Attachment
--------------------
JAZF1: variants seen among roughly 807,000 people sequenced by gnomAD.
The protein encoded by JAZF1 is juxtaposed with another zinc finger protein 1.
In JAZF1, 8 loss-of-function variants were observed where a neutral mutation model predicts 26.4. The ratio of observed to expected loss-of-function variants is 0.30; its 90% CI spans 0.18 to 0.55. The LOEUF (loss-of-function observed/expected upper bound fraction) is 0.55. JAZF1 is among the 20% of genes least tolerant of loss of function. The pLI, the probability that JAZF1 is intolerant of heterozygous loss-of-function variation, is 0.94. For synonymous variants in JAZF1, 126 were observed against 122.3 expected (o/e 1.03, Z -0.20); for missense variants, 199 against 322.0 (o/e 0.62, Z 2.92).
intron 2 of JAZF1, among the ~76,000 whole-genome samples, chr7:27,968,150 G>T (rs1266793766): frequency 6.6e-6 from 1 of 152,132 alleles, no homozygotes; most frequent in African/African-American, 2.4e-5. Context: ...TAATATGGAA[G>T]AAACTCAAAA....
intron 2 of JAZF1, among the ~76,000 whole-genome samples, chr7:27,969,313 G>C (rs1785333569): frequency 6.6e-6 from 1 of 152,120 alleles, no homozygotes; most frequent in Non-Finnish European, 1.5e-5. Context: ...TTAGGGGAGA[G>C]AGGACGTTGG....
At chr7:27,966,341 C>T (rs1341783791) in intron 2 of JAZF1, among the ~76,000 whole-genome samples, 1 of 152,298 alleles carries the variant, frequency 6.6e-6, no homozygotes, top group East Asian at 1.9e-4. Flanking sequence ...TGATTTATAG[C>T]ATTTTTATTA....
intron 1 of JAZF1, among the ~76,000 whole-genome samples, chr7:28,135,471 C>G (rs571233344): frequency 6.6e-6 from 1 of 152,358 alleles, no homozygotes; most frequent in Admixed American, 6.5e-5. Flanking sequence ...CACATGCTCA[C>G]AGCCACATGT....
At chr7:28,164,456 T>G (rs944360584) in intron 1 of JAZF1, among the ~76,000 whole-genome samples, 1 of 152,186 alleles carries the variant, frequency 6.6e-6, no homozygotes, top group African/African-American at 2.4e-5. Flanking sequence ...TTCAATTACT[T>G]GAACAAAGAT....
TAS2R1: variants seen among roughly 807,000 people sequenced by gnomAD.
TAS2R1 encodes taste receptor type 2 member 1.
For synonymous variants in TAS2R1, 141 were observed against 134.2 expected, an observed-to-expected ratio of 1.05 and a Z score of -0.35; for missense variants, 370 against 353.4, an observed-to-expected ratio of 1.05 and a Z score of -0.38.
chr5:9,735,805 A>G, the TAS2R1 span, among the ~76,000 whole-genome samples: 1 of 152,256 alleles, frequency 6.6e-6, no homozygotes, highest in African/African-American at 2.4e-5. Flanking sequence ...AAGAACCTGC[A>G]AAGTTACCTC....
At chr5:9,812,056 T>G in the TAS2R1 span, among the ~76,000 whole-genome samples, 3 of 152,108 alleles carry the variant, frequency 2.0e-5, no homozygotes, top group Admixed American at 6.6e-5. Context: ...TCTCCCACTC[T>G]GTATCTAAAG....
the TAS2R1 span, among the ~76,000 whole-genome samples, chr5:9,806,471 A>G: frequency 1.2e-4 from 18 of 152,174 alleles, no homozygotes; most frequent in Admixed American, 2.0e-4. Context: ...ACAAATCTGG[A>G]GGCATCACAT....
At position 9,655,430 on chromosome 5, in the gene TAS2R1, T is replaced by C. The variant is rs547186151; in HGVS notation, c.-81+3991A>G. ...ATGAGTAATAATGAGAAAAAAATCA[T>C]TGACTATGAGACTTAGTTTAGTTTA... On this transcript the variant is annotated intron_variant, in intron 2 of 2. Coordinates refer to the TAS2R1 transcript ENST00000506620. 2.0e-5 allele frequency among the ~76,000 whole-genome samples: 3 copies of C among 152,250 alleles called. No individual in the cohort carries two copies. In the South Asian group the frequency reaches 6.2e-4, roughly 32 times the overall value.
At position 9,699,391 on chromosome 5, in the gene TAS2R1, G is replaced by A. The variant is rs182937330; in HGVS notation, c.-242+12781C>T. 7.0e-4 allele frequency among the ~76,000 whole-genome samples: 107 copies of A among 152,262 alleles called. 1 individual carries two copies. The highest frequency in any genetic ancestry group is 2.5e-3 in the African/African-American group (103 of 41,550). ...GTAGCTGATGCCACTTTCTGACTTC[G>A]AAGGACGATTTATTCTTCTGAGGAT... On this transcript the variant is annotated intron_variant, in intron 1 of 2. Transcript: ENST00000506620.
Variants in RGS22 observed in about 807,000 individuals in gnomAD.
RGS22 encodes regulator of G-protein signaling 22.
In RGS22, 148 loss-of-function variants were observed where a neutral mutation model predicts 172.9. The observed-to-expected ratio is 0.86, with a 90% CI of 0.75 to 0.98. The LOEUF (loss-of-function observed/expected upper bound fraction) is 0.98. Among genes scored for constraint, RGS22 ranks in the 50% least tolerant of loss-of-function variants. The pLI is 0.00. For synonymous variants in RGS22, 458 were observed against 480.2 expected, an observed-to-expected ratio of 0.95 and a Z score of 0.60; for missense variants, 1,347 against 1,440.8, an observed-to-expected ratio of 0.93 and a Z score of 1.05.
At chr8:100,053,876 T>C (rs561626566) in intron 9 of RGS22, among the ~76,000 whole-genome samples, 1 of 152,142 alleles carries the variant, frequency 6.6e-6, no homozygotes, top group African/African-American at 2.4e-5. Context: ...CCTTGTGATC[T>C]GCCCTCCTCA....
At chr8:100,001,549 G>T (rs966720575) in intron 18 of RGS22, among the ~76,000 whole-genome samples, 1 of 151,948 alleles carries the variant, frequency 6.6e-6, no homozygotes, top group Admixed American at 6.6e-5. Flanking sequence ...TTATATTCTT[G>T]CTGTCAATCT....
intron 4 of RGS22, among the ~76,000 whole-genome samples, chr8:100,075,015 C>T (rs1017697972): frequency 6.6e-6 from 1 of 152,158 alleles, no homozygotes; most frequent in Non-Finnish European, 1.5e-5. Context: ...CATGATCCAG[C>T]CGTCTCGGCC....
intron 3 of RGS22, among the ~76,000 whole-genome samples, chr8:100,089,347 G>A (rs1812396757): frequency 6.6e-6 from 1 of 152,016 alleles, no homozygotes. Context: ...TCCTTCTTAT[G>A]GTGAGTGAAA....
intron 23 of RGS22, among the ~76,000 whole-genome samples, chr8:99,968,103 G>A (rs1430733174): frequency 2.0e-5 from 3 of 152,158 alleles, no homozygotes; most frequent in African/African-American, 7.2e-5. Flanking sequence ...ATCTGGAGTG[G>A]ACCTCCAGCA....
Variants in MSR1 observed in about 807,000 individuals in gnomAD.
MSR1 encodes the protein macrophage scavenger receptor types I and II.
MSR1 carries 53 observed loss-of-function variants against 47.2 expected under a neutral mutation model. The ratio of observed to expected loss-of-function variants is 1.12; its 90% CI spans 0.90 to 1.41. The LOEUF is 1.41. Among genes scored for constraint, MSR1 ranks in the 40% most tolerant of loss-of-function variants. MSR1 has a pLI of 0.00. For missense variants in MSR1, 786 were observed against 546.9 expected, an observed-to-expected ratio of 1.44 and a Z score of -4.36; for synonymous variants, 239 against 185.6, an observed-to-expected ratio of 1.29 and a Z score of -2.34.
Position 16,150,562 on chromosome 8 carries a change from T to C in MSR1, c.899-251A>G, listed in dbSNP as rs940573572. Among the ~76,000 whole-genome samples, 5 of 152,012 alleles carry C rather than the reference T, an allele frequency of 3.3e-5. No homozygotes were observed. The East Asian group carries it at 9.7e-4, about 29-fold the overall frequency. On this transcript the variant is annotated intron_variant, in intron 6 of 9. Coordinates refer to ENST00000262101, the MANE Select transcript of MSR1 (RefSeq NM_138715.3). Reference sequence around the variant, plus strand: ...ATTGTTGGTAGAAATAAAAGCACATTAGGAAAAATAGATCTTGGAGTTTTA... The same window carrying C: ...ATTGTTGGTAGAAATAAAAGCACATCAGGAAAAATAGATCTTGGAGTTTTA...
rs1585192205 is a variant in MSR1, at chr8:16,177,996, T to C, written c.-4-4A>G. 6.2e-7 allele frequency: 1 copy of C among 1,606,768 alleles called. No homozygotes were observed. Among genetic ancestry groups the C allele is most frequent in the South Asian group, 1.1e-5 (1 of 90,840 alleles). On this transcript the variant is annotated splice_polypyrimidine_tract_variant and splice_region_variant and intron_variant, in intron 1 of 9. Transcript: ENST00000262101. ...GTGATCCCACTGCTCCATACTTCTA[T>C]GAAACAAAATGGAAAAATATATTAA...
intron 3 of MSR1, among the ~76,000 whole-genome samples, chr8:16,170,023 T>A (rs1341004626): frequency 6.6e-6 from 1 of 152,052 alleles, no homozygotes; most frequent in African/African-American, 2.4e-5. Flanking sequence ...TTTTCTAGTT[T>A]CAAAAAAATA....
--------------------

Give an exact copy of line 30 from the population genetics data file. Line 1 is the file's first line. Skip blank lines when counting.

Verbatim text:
intron 3 of MSR1, among the ~76,000 whole-genome samples, chr8:16,170,023 T>A (rs1341004626): frequency 6.6e-6 from 1 of 152,052 alleles, no homozygotes; most frequent in African/African-American, 2.4e-5. Flanking sequence ...TTTTCTAGTT[T>A]CAAAAAAATA....